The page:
"Allison. You had a nightmare that a woman named Susan Monroe was going to be brutally murdered by a man named Martin Greer? That could mean anything!
A person characterized by two things — they give correct and accurate warnings and predictions, and what they say is consistently mocked or ignored by the rest of the cast. You would think that the other characters would eventually decide that they can be trusted, but they seldom do. A particularly cruel plot twist is for the rest of the cast to believe Cassandra on the one and only time they are wrong, just to maintain the status quo
. Cassandra usually has some sort of personality quirk that makes them seem less believable, or their information may come from epistemologically shaky grounds like Tarot cards or dreams, but their record of near-perfect accuracy really should be enough to make the others listen to them.
The Trope Namer
is the mythical seer Cassandra
, who was cursed by the god Apollo to give prophecies which were always true but never believed, thus making this trope Older Than Feudalism
In natural disaster movies
or Science Is Bad
stories, Cassandra will usually be an Ignored Expert
: a scientist or other expert acting as the lone voice of sanity
. This character's role is to warn the others not to take a particular course of action — that will, of course, be taken. On the other hand, if Cassandra is one of the underclass, such as a street preacher or one of those Crazy Homeless People
, the Doomsayer
Subtrope of Cassandra Truth
. Compare Crying Wolf
, where a character is not believed when they tell the truth because everything else they've said has been a lie, You Have to Believe Me
, where the character is not believed because they and their story sound completely crazy, and Dude, Where's My Respect?
, which is often the result of this. See also Harbinger of Impending Doom
. Cassandra Did It
is when the cast add insult to injury by blaming Cassandra for the very disaster they tried to warn them about.
If Cassandra is a Waif Prophet
or an Oracular Urchin
, this may be because of All the Other Reindeer
open/close all folders
Anime and Manga
- Kotoura-san has a very strange case which is partly caused by Values Dissonance. Japanese has the tendency to hide their thoughts as socially appropriate by lying. Haruka is a telepath who couldn't turn it off nor could she distinguish between thought and speech, and, what's worse, Innocently Insensitive. As a result, she was called a compulsive liar for blurting out what others were thinking. If not for her grandfather's protection she may actually have sent to the psychiatric ward already, as her mother, up to this day, still thinks she is severely delusional.
- Idiot Hero Daiya of Gaiking: Legend of Daiku Maryu tells stories of monsters that attacked him and his father five years ago, and that his father is still alive somewhere, but nobody believes him. In the first episode, however, Kaiju turn up and begin attacking.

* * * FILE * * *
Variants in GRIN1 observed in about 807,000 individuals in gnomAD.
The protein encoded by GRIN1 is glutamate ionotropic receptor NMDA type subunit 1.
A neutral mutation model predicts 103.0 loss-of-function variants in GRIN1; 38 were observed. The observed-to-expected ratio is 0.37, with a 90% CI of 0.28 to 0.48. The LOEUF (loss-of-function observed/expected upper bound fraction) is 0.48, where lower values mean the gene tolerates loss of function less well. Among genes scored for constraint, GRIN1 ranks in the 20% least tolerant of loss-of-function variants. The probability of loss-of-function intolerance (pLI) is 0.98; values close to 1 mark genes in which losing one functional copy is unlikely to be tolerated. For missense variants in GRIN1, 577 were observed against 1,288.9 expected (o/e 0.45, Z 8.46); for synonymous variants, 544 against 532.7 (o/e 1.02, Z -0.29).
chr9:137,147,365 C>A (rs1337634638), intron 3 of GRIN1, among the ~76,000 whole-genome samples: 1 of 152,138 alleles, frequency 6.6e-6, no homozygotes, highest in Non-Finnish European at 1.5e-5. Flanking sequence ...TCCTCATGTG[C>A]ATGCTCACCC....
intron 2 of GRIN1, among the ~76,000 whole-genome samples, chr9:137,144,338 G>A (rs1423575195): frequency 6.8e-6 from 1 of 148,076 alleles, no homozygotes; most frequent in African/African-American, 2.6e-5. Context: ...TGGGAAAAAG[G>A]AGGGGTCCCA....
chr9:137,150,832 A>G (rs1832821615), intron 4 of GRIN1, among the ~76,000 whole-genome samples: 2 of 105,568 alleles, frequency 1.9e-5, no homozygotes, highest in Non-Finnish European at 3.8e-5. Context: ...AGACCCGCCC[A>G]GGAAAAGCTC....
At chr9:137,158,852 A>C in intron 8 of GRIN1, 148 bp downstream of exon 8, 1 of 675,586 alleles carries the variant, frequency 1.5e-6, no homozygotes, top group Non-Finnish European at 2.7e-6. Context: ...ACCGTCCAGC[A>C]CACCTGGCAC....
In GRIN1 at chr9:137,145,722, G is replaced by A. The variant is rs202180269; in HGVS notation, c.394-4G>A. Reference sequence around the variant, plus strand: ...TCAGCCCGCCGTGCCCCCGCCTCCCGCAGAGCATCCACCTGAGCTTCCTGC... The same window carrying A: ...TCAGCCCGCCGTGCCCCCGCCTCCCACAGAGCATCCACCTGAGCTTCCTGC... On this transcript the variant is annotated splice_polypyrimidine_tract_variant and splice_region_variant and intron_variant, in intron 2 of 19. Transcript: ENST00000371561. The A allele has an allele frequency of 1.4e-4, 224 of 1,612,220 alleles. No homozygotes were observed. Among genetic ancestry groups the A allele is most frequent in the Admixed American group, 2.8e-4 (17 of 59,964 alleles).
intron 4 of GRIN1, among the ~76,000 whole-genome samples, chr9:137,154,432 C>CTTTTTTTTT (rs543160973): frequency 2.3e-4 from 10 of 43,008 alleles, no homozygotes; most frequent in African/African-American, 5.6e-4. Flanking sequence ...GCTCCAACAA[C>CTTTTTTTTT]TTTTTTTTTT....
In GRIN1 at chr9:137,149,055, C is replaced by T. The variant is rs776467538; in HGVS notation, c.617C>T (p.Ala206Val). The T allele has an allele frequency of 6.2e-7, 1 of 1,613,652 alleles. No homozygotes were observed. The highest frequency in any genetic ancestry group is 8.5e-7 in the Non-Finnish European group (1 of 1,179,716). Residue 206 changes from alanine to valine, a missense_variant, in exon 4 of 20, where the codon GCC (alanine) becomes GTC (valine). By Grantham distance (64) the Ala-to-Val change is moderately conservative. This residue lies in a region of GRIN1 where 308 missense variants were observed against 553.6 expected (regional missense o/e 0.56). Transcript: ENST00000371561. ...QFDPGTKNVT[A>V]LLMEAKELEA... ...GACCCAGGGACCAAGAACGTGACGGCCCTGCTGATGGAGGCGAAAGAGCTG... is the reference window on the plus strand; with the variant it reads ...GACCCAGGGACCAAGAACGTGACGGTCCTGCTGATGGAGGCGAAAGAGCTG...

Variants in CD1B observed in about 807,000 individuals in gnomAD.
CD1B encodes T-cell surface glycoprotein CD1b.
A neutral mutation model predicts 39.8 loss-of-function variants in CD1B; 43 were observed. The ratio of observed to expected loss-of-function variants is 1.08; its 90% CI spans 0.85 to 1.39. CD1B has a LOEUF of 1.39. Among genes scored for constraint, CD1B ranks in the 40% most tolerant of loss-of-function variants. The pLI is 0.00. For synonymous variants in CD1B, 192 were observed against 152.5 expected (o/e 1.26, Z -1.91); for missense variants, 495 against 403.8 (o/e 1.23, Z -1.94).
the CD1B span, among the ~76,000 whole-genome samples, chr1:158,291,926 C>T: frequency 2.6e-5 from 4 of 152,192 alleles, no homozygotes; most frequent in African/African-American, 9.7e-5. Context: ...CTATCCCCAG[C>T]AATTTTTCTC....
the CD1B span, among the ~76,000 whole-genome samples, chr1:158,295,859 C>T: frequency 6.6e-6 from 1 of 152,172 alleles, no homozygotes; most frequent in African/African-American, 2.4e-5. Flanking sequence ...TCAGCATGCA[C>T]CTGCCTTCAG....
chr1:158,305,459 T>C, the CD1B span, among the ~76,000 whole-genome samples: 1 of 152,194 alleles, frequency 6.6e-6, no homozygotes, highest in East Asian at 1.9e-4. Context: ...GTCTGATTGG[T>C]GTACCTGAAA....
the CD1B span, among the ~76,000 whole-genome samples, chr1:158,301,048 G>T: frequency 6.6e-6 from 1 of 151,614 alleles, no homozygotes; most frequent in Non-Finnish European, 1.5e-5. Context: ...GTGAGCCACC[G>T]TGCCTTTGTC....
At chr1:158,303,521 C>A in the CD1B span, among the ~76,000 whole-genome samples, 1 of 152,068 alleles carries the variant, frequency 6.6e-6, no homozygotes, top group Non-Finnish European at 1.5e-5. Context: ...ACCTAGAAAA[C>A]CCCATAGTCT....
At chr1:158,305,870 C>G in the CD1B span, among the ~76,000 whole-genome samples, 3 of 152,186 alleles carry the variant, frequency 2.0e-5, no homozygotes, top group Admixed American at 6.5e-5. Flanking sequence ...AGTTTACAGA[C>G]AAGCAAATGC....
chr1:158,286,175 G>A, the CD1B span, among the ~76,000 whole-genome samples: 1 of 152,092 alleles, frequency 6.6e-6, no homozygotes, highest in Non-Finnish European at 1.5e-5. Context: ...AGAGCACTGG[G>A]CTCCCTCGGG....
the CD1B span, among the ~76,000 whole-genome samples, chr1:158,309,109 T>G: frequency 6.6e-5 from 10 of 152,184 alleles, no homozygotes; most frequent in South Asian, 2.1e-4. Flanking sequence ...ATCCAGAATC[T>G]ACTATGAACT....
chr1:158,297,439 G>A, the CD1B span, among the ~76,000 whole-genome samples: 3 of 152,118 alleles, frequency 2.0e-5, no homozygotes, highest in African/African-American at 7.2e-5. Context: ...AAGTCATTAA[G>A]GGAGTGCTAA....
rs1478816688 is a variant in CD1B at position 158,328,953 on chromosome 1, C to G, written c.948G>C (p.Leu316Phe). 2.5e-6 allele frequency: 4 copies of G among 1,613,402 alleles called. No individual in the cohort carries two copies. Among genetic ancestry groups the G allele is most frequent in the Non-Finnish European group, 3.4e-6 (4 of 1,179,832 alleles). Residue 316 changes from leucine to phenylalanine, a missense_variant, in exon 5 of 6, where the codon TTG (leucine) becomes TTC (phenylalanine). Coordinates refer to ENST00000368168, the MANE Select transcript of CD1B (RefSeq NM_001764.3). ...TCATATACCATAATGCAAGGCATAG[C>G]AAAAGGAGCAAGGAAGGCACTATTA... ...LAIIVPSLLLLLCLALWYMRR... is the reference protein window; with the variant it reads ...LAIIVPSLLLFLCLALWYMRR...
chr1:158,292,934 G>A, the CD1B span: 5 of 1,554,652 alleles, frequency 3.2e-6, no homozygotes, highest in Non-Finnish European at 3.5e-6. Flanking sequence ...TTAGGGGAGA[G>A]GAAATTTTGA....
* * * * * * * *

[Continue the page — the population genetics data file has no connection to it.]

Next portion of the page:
- Subverted in Judge Dredd with Psi Judge Cassandra Anderson. As Mega-City One's most powerful psychic, her predictions are generally taken very seriously by everyone.
- In A Reckless Frame of Mind Harry was the victim of a Cassandra Curse which meant that whatever he said, wrote or gestured was both the absolute truth and interpreted as a deliberate lie.
Films — Animated
Films — Live-Action
Live Action TV
- Quetza, in the Argentinian novel El Conquistador, is an embodyment of this trope. Despite him travelling all over the world, researching the origins of the Aztec people and seeing the close menace of the Spanish Empire, no one believes him.
- In "Goddess of Yesterday" but Caroline B. Cooney, a novel set in Troy, Cassandra herself exploits her curse in a moment of Genre Savvy as the main character is trying to escape the city by calling out that someone is trying to leave through the gate. The main character panics for a moment until she realizes that because no one believes Cassandra no one is bothering to look at her, giving her a chance to escape, and Cassandra blows her a kiss from her tower.
- No one listens to Mikhail Kutuzov in War and Peace. Battle of Austerlitz? Bad idea, says Kutuzov. The Russians intervene and get their asses handed to them and Napoleon conquers Austria. Oh well, no big deal.
- Several of the earlier Sherlock Holmes stories, perhaps most particularly A Study in Scarlet, show the great detective being mocked by the official police for his unusual methods and seemingly bizarre theories. Over time, however, as they find he's right almost unfailingly, the police shift their opinion and become admirers of Holmes. Lestrade even comments on it in The Adventure of the Six Napoleons, saying that they're not at all jealous of him at Scotland Yard, but on the contrary, "we are very proud of you."
- The Harry Potter series contains two examples:
- Harry himself, despite being The Chosen One, frequently gets this treatment, especially from his best friends. So much so that Dumbledore freely admits that part of his plan in the seventh book is counting on Hermione's Arbitrary Skepticism to slow Harry down long enough to think things through properly.